Wesley George has been working in IP networking for approximately 14 years, across operations, engineering and capacity planning, architecture, and design in large wired and wireless service provider networks. He has been an active participant in the IETF for 5 years, including serving as former co-chair of the IPv6 Renumbering (6renum) working group and current co-chair of the sunset4 working group, and co-chaired one of the IETF’s first birds-of-a-feather (BoF) meetings on SDN. He also participates in CableLabs’ SDN working group. He currently works in the Network Technology Development group for Time Warner Cable, which is among the largest providers of video, high-speed data and voice services in the United States.
Many of the discussions we’ve seen so far around network functions virtualization (NFV) have been led by non-cable service providers. What are your thoughts on the relevance of NFV to MSOs?
George: Many services and functions are common among different service providers, so I think we share a lot of the same needs to be able to get better information out of the network, make intelligent decisions about how to manage the network based on that information and our business needs, and to continue providing more and better services at a lower cost. Many of the use cases for NFV are common between MSOs and other types of SPs, because MSOs build their networks in much the same way except for the access network technology and the methods to provide services like video over the last mile. MSOs do have some additional places where it may be possible to abstract some of the access-specific implementations (e.g. Docsis) so that the software and control plane live on standard hardware and we reduce the amount of hardware that is specific to our access implementations. CableLabs is working with its member MSOs to ensure that those use cases are well documented.
What, in your opinion, is the main difference between your business and, say, a Sprint, Verizon, or AT&T as it relates to SDN and NFV?
George: I think other than the chosen access technology, there are more similarities than differences. The main difference may be in the split between proprietary/closed single-vendor solutions and more open, standards-based or multivendor solutions for different service offerings. MSO networks are often very regional in nature, and this sometimes lends itself to a multivendor network that is actually multiple parallel, non-interoperating, single-vendor deployments (one region exclusively uses vendor A, another exclusively uses vendor B, etc.). This means that as MSOs have started centralizing engineering and management of their networks, and as they have moved to consistent national product offerings, they are ripe for better integration and consolidation of those proprietary solutions. But that it is often difficult to do, because they are closed, legacy, single-source systems. I think SDN may be able to help with that in some cases.
What’s exciting about NFV and SDN for you? What new services do you see as being enabled by these initiatives?
George: I think what’s exciting is the idea of adding intelligence between the network and the applications that ride on it by better integrating the two. For a long time now, the network and the applications that use it have operated largely agnostic of one another – the network doesn’t care what the bits it carries are, as long as they’re properly formed bits and they work properly in the performance envelope the network is designed to support. Similarly, the application doesn’t care what the network does or how it moves bits around, as long as it delivers enough of that application’s bits on the other end to allow it to function properly. This has led to some inefficiency in the way the network is used and the way that applications operate, because both have to assume worst-case scenarios or least common denominators, and this often reduces the quality of the experience for the end user.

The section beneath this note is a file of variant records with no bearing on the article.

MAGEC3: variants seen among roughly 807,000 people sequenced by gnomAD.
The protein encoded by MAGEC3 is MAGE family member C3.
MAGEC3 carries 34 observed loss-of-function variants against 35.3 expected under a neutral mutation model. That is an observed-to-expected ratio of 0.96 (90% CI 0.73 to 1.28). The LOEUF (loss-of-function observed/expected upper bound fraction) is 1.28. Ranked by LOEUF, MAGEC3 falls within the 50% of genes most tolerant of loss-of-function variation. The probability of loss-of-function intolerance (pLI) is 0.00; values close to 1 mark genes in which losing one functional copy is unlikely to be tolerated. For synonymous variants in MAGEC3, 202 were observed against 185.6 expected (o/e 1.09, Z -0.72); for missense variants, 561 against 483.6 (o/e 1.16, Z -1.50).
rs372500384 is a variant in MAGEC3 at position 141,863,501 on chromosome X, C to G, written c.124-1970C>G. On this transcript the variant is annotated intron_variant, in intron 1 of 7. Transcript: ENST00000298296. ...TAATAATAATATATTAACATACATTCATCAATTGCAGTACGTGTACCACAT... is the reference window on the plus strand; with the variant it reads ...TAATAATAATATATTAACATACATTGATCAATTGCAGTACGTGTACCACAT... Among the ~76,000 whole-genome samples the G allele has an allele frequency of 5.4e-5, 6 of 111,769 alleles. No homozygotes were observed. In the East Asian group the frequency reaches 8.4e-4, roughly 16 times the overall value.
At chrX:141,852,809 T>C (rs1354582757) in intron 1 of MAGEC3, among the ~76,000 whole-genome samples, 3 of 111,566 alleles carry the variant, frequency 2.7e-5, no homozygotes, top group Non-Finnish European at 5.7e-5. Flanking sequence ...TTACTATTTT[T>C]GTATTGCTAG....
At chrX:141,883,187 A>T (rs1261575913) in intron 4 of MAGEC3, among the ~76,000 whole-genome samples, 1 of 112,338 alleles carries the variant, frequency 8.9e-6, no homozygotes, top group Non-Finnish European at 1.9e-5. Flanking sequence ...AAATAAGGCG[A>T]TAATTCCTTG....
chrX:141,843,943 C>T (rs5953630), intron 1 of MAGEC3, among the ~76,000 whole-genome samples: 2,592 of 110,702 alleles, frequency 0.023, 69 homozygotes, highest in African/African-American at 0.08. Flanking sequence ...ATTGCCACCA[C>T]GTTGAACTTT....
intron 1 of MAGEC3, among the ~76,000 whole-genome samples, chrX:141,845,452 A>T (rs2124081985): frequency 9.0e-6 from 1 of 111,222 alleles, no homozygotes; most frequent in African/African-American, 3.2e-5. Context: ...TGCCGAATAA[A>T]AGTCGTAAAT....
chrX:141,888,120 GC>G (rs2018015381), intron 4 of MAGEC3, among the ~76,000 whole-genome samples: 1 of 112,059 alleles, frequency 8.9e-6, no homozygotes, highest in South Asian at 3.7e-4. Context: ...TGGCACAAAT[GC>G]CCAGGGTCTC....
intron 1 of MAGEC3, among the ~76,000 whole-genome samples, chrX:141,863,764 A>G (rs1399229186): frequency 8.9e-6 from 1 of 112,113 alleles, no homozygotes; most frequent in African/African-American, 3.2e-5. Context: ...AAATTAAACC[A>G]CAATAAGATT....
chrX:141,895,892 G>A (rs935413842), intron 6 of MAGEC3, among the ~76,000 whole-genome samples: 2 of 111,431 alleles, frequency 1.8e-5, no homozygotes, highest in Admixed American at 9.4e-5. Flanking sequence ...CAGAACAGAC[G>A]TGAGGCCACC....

There are a lot of opportunities to make existing applications better by allowing them to communicate with the network, either so that they make more intelligent choices about the way that they use it to provide their services, or so that the network can better communicate its abilities and performance envelope to the application, or even adapt itself to the application’s needs. Think of it as the difference between a road car that has to be designed to work in the widest possible variety of conditions and applications, and a race-prepped version of the same car that can be optimized for one very specific set of conditions and then further tweaked and adjusted so that it performs at the absolute peak of efficiency for the specific track that it will be using.
I’m also encouraged by the idea that SDN might enable improved feature velocity by making it easier to rapidly link together different service elements in new ways and streamline things like provisioning and troubleshooting a service even if it spans multiple devices from multiple vendors in multiple locations. The complexity that comes with implementing a robust and innovative service that spans lots of different individual sub-components is a drag on deployment and can be resource-intensive to support once deployed. SDN doesn’t eliminate that complexity, but any opportunity to reduce the amount of integration work required to glue those things together by standardizing how systems talk to the different elements and how much information is shared across them is a good thing, both for provisioning and for providing better tools to troubleshoot when things break.
What’s the biggest challenge to deploying NFV and SDN at an MSO?
George: Well, in a lot of ways SDN isn’t a new idea — it’s essentially a framework for automation to control and provision a network. So as a result, a lot of the challenges in implementing truly useful, intelligent automation that’s flexible enough to evolve with the needs of the business are still present with SDN — how you translate business rules and raw data into actions, how you ensure deterministic behavior, how you avoid brittleness, how you scale it up, how you build trust in the system, and how you use the smart people who currently operate the network and applications to sanity-check what the system is doing.